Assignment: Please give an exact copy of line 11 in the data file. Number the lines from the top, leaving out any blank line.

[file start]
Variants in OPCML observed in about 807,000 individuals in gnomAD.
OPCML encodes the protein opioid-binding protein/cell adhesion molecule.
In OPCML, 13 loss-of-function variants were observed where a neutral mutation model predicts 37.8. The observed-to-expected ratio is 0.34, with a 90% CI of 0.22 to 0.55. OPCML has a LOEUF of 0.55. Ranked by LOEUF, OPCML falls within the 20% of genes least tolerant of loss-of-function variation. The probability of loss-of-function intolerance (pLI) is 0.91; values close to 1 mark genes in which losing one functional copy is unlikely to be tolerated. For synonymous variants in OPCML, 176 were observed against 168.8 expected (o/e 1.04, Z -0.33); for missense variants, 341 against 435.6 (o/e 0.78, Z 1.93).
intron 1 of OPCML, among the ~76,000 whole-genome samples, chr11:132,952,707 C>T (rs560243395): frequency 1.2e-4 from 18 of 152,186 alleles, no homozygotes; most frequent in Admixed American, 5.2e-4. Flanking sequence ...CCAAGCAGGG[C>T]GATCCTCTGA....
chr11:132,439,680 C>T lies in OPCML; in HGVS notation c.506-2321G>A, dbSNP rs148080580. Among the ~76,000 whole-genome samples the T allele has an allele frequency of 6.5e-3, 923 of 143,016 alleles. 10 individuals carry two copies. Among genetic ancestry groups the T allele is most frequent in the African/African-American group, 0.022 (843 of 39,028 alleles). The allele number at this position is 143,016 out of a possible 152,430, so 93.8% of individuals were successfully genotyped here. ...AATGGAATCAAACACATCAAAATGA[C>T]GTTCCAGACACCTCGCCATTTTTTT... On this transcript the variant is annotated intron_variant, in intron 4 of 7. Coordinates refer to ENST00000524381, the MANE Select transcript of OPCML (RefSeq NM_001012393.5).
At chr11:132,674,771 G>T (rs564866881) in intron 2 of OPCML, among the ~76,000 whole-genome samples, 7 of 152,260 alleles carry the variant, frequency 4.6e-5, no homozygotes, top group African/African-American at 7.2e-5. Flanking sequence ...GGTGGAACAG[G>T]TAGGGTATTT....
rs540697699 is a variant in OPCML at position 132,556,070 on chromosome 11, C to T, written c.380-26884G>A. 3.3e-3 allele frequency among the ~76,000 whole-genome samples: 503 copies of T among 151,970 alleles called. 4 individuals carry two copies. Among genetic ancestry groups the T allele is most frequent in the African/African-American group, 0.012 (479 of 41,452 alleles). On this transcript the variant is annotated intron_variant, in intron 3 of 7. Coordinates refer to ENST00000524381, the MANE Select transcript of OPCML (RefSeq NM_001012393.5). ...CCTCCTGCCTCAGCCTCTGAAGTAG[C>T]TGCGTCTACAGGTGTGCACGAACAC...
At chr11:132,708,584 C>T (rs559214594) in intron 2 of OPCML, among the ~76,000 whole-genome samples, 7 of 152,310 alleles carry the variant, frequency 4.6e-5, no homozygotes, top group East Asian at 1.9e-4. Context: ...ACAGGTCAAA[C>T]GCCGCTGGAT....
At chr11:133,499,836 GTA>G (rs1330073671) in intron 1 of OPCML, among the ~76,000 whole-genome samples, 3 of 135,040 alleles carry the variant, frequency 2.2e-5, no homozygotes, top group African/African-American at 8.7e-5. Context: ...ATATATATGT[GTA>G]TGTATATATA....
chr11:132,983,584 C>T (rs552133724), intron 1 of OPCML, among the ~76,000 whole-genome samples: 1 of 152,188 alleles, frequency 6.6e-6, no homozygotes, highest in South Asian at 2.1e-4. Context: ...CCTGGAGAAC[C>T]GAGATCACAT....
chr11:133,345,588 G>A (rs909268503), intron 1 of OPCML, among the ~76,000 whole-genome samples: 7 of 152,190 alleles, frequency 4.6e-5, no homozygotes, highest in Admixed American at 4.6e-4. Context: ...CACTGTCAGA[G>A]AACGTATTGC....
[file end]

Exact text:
chr11:133,345,588 G>A (rs909268503), intron 1 of OPCML, among the ~76,000 whole-genome samples: 7 of 152,190 alleles, frequency 4.6e-5, no homozygotes, highest in Admixed American at 4.6e-4. Context: ...CACTGTCAGA[G>A]AACGTATTGC....